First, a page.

The Korea Herald


Cheil Industries pitches for merger deal with higher dividends

By KH디지털2

Published : June 30, 2015 - 14:13

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Cheil Industries Inc., the de facto holding company of the country's top conglomerate Samsung Group, pledged Tuesday to deliver more dividends to shareholders, as it seeks to convince investors ahead of a crucial shareholders meeting for a proposed merger with the group's construction arm.

The company at the top of the group's cobweb-like governance structure also promised to set up a committee tasked with boosting shareholders value and improving governance after its 8.9 trillion-won ($7.92 billion) deal to merge the group's construction unit, Samsung C&T Corp., is approved.

The shareholder-friendly measures, including a share buyback, came as the deal has been opposed by U.S. hedge fund Elliott Associates L.P., which claimed that the merger is against shareholders' interests and designed to help the leadership transfer at the family-run conglomerate.   

Elliot is the third-largest shareholder of Samsung C&T with a 7.12 percent stake.

The proposed merger, when completed, will put Lee Jay-yong, the 47-year-old son of the group's patriarch Lee Kun-hee, at the top of the ownership structure that controls 67 affiliates spanning from electronics to finance.

The heir apparent has been virtually running the group since his father was hospitalized in May last year after suffering a heart attack.

In a closed-door investor relations session in Seoul, Yoon Joo-hwa, the head of Cheil's fashion division, said the company will increase the payout ratio to 30 percent by 2020 from 21 percent in 2014.

"We will gradually raise the ratio considering the company's investment, and look into buying back shares," he said.

Yoon said the firm will also set up a corporate governance committee comprising outside directors which will review the impact of any future acquisitions away from the influence of the management.

In response to an analyst's question at the IR session, executives from the both units denied that there would be a second attempt to retry the merger if the deal falls through at the upcoming shareholder meeting.

"There will be no 'plan B' (for the merger)," Yoon said.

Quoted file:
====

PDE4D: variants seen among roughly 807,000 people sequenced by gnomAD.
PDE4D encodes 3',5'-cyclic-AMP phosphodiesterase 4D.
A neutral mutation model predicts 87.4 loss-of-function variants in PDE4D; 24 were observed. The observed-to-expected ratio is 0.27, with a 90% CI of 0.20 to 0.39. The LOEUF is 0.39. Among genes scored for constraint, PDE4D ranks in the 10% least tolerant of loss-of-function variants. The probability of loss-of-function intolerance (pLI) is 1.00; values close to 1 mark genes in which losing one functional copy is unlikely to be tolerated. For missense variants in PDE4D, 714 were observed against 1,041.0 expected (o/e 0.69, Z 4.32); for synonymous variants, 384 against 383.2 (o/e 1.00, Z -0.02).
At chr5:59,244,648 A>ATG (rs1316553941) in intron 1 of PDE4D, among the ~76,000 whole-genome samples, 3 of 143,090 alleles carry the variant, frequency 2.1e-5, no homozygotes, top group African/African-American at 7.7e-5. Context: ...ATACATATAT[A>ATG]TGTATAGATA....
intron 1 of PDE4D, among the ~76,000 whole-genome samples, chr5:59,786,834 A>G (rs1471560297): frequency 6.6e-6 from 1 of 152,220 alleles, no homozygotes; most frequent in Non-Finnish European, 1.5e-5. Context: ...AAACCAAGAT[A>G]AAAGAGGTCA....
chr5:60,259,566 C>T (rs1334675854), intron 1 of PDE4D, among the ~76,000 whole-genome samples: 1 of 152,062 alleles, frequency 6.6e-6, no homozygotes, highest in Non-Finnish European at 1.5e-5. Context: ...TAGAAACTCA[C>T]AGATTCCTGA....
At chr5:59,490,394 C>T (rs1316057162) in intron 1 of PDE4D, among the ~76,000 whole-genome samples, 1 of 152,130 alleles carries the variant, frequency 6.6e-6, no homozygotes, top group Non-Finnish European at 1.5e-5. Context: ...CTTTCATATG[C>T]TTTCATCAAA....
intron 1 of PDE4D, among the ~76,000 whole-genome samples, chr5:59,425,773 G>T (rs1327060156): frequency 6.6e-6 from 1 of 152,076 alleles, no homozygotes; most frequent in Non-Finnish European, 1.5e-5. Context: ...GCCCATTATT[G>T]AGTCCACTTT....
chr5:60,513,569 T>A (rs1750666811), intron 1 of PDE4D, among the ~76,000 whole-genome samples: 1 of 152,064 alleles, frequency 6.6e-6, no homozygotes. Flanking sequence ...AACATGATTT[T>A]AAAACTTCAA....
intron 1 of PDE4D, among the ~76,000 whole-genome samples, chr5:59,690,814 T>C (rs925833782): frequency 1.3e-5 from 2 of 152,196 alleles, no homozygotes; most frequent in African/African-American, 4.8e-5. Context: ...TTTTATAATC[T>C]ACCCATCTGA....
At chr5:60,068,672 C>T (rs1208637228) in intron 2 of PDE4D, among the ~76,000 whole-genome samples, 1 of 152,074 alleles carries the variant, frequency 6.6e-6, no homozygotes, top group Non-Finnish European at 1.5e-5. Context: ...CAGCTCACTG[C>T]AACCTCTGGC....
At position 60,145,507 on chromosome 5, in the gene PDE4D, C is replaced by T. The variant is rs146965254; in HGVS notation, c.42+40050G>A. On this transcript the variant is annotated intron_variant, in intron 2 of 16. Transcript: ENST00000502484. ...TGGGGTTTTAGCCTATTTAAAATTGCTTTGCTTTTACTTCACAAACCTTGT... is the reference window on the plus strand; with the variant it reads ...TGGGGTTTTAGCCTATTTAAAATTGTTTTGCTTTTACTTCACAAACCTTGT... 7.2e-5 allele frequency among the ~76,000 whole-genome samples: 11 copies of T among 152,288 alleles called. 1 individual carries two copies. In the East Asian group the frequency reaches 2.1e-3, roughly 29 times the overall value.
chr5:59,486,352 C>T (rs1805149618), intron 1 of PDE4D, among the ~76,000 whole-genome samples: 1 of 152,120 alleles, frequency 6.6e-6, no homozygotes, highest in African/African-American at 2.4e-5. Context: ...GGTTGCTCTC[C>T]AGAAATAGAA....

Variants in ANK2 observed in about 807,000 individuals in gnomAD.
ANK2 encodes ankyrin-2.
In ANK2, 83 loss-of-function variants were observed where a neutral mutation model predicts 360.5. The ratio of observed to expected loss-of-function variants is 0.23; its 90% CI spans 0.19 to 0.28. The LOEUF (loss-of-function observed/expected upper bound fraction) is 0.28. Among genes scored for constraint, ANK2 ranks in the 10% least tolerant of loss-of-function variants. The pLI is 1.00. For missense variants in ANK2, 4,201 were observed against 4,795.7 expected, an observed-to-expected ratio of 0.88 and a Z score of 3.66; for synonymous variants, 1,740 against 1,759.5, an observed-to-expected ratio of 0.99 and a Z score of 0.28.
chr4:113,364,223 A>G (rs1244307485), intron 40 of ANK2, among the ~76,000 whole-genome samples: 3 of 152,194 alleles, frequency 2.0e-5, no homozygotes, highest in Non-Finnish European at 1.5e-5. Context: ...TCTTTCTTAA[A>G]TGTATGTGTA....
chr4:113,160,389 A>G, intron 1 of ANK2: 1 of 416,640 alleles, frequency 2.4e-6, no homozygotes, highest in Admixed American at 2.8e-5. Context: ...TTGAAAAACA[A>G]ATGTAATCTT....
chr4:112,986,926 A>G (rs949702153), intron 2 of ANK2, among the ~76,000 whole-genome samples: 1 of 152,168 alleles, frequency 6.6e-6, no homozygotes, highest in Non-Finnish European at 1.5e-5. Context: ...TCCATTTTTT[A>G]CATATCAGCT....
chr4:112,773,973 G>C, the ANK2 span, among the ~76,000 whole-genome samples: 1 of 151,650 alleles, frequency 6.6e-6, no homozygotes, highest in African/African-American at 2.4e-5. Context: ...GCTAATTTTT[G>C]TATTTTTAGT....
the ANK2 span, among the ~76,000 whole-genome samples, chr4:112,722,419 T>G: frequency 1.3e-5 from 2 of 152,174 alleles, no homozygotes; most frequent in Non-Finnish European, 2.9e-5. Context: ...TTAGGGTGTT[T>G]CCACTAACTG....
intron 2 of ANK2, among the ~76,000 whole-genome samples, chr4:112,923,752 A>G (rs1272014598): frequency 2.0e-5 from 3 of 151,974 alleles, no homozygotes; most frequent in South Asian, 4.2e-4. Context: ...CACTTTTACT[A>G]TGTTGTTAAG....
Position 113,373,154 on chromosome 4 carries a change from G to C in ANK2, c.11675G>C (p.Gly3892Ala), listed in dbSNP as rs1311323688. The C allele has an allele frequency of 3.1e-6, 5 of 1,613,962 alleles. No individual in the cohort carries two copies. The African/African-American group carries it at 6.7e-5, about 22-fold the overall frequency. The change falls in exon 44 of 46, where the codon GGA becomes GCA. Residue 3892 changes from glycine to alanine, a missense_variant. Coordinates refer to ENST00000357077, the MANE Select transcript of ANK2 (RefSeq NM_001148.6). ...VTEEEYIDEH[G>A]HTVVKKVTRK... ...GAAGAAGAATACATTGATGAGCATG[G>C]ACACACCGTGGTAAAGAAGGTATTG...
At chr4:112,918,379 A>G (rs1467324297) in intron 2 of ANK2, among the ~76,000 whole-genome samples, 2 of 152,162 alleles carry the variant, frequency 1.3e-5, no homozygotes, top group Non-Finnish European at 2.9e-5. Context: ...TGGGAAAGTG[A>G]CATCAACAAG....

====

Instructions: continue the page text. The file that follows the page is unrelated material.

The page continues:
They said the timing is right for the merger since the gap between the size of the two units as well as their prospects will get bigger if the deal is delayed.

As part of its post-merger plan, Cheil said in a regulatory filing that it will expand its portfolio into health care, construction, food and biotech medicines.

Kim Bong-yung, a co-CEO at Cheil in charge of resort construction, said there is no plan to revise the merger ratio, since it was set based on "a rational decision."

Elliott argued that the proposed merger ratio of 1 Cheil share for 0.35 C&T share is not a fair calculation, as it has inflated Cheil's valuation while underrating that of Samsung C&T.

Kim refuted such a claim by saying that Cheil holds higher prospects given its "unique status" in the group's ownership structure.

Cheil, whose businesses range from clothing and theme park to food supplies and biosimilars, has been considered by investors with a premium even before its IPO in December last year, as the controlling Lee family owns a combined 42.15 percent in the firm, including Jay-yong's 23.23 percent.

Kim also pointed out that Cheil is the major stakeholder of Samsung Bioepis Co., a developer of biotech medicines, which announced Monday it is considering an initial public offering on the Nasdaq market to raise about 1.5 trillion won.

Samsung has been active in pushing for the biopharmaceutical business as one of its future growth drivers since its mainstay electronics sector is reaching a point of saturation.

The IR meeting is seen as a tactical move by Samsung to persuade the market to support the merger, which is expected to be put to a vote at a crucial shareholder meeting slated for July 17.

The hedge fund has asked the court to stop Samsung C&T from holding a shareholder meeting slated for next month and putting the merger plan to a vote.

It has also sought to prevent Samsung's ally KCC Corp. from exercising its voting rights at the planned shareholder meeting. Samsung C&T has sold its treasury shares, which is equivalent to 5.76 percent, to KCC as part of efforts to win more pro-merger shareholders.

KCC's acquisition had clearly come to add a voice to Samsung C&T during the shareholders' meeting, as Samsung C&T cannot exercise rights over its own shares.

Samsung C&T needs to secure at least 47 percent of the vote to push ahead with the deal. The likely votes in favor of the merger, represented by other Samsung arms, KCC and the Lee family, stand at some 20 percent so far.

Samsung and Elliot have been engaged in a proxy fight to ask minority stakeholders to delegate their voting rights to woo their support for each other's claims.

Institutional investors are estimated to own about 21.5 percent in the builder, including the National Pension Service, the state-run pension fund, that holds a swing vote with its 10.15 percent stake. Foreigners, including Elliott's 7.12 percent, have a combined 33.61 percent stake in Samsung C&T.

Shares of Cheil Industries jumped 1.72 percent to 177,500 won on the Seoul bourse on Tuesday, while Samsung C&T fell 0.3 percent to 66,200 won. The benchmark KOSPI rose 0.67 percent. (Yonhap)